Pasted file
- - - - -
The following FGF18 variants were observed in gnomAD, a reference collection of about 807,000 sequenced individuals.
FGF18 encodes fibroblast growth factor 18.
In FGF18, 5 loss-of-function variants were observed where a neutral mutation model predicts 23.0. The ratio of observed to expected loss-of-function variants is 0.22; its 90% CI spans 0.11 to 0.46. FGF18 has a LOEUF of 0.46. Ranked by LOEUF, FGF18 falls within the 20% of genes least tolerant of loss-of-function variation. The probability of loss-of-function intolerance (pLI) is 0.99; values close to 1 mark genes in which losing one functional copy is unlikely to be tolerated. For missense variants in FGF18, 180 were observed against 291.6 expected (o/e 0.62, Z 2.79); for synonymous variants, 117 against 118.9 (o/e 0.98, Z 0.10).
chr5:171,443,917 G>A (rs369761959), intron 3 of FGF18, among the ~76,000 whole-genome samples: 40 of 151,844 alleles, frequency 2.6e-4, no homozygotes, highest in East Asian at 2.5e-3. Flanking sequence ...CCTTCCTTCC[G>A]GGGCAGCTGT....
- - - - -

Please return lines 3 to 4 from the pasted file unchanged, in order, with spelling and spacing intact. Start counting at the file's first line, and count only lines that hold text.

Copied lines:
In FGF18, 5 loss-of-function variants were observed where a neutral mutation model predicts 23.0. The ratio of observed to expected loss-of-function variants is 0.22; its 90% CI spans 0.11 to 0.46. FGF18 has a LOEUF of 0.46. Ranked by LOEUF, FGF18 falls within the 20% of genes least tolerant of loss-of-function variation. The probability of loss-of-function intolerance (pLI) is 0.99; values close to 1 mark genes in which losing one functional copy is unlikely to be tolerated. For missense variants in FGF18, 180 were observed against 291.6 expected (o/e 0.62, Z 2.79); for synonymous variants, 117 against 118.9 (o/e 0.98, Z 0.10).
chr5:171,443,917 G>A (rs369761959), intron 3 of FGF18, among the ~76,000 whole-genome samples: 40 of 151,844 alleles, frequency 2.6e-4, no homozygotes, highest in East Asian at 2.5e-3. Flanking sequence ...CCTTCCTTCC[G>A]GGGCAGCTGT....